Mumbai: Indias Top Base Oil Gateway


Mumbai is the leading point of entry for base oil imports into India – one of the worlds largest importers of such products – thanks to better infrastructure and connectivity with other regions, according to industry insiders.

The country is estimated to have imported 2.9 million metric tons of base oil in the fiscal year that ended March 2019, up 5 percent from 2.7 million tons a year ago, according to Mumbai-based Petrosil Group, which provides market intelligence reports on base oil, petroleum and chemical products. South Korea supplied 51 percent of those imports in the 2018-2019 fiscal year, followed by Singapore at 14 percent, the United States at 10 percent, and Saudi Arabia and the United Arab Emirates at 7 percent each.

India has 12 major ports and several minor and intermediate ports, but the bulk of the imported base oils enter India via Mumbai, the Petrosil data showed. The port took in 62 percent of the countrys total base oil imports last fiscal year, followed by the Jawaharlal Nehru Port Trust at 12 percent, the Chennai port at 9 percent, the Pipavav port at 4 percent and the Hazira port at 3 percent.

Mumbai port is handling the largest base oil import cargoes due to ease in getting the logistics services providers – like clearing and forwarding agents – surveyors, barging facilities, plenty of storage terminals and [an] excellent transportation network, Dhiren Shah, editor-in-chief of Petrosil Group, told Lube Report in an interview.

Dushyant Mulani, vice president of Mumbai-based custom house agents body Brihanmumbai Custom Brokers Association, agreed. The Mumbai port offers better infrastructure and efficient handling compared to other ports, he said. The infrastructure and ease of doing business have made an [impact] …. More and more cargoes are coming towards Mumbai.

The government-owned Mumbai Port Trust is located on the West Coast of India. The port offers various facilities such as berthing, equipment services and cargo handling, dry docks, stevedoring, bunkering, reefer points, storage of cargo in the docks and liquid storage tanks, roads and connectivity to a rail network via the ports own railway as well as a reception facility for ship-generated waste, according to its website.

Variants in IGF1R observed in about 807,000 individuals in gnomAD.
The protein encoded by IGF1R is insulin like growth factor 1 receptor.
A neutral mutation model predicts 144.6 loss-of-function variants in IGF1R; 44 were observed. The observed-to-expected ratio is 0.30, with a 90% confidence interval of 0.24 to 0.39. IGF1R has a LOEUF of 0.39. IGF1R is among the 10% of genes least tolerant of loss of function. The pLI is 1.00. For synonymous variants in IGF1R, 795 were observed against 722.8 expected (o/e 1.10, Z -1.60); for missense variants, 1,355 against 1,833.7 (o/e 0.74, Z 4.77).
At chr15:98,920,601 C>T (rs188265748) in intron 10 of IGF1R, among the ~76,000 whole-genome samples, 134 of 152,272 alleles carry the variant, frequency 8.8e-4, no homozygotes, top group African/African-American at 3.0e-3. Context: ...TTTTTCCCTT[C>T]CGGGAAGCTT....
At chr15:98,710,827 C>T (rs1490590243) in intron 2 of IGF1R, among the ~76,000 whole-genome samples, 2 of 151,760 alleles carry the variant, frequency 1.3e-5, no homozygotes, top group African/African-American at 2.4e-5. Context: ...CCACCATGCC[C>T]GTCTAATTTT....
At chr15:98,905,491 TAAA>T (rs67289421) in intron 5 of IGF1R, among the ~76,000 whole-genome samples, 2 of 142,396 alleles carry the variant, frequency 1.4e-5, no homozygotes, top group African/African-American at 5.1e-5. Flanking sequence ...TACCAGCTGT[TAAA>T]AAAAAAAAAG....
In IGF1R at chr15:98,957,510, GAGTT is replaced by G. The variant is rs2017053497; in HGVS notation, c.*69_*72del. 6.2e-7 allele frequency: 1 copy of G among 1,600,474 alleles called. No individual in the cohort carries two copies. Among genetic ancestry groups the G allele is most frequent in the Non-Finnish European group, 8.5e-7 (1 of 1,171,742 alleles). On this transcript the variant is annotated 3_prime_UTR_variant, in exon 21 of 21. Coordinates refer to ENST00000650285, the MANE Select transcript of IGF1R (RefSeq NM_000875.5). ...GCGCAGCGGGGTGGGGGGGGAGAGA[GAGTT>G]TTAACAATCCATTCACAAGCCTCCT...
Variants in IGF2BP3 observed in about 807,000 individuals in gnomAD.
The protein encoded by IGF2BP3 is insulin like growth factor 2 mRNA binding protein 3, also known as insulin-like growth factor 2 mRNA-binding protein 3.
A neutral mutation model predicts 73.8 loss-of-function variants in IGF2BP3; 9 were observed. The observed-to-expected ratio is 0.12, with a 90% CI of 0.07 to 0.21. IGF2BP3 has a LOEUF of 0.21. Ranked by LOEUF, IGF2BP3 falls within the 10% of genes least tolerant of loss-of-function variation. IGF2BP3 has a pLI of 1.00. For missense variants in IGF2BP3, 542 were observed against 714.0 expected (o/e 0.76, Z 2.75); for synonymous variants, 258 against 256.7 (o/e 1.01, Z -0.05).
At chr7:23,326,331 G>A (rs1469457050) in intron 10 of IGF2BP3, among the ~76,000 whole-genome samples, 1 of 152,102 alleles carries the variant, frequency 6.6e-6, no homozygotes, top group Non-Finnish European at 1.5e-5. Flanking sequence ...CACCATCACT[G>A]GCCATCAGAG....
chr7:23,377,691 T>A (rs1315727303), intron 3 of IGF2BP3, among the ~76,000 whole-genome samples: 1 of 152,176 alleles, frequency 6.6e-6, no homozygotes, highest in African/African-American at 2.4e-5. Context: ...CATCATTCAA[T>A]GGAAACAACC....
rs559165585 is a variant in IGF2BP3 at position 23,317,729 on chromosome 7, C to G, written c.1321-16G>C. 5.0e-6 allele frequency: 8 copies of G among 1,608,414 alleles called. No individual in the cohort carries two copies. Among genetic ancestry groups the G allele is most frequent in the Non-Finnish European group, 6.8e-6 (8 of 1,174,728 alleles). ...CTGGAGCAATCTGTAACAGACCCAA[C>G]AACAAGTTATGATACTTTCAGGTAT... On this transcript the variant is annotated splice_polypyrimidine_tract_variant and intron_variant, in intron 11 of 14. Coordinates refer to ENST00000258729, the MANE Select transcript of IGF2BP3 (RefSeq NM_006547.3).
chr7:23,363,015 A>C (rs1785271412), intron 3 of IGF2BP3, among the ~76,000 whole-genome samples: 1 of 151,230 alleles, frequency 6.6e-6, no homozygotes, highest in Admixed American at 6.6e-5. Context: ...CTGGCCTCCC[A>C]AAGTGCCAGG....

Talking about the Mumbai ports leading position for base oil imports, an industry consultant said most blending facilities operated by the countrys biggest lubricant suppliers are in western India. The driving factor was availability of both domestic base oils and imported base oil vessels touching Mumbai port due to its better connectivity with the external world, said Shailendra Gokhale, managing partner of Mumbai-based Rosefield DAA International Consultancy LLP. He added the situation is expected to remain unchanged for the foreseeable future.

India is the worlds third-largest finished lubricant market but doesnt have the domestic base oil capacity to match, making it one of the biggest base oil importers globally. The countrys annual base stock production capacity is estimated to be around 1.2 million tons, and it imports more than 2.5 million tons every year. API Group II accounts for the biggest share of imports, followed by Group I, Group III and naphthenics.

According to Petrosil, India is estimated to have imported 1.4 million tons of base oil from April to August this year. The Mumbai port accounted for 61 percent of that amount, followed by JNPT at 11 percent, the Chennai port at 9 percent, the Pipavav port at 5 percent and the Hazira port at 4 percent

Shah projected Indias base oil imports from April 2019 to March 2020 to grow by 3 to 4 percent. He added the volumes are rising due to an increase in the re-export of base oils after reprocessing into transformer oils, white oils and IP-grade liquid paraffins. Shah said affordable import prices and a preference for higher quality finished lubricants, especially from the automobile industry, drive the demand for quality base oils.

Lubricant demand in India has grown steadily in recent years, but Gokhale noted that domestic base oil production has never gone up and remained steady at 1 million t/y. Also, capacity added by Indian refiners for Group II a few years back was not in line with the overall demand for Group II base oil, which was on the rise due to factors like the emergence of lighter oils with higher viscosity index, he added.

The country has four domestic base oil producers, all government-owned: Bharat Petroleum Corp. Ltd., Indian Oil Corp. Ltd., Hindustan Petroleum Corp. Ltd. and IOCL subsidiary Chennai Petroleum Corp. The group has made little investment in their base oil businesses in recent years, but some now have their eyes set on increasing capacity.

Petrosils Shah said the domestic refineries are going for upgrades, which will help improve the supply situation in the country. Gokhale echoed the sentiment. Of course, things on the supply front in India will change with base oil capacity addition by IOCL and BPCL, he said, adding that demand for high quality base oils, Group II and Group III, will only go up.

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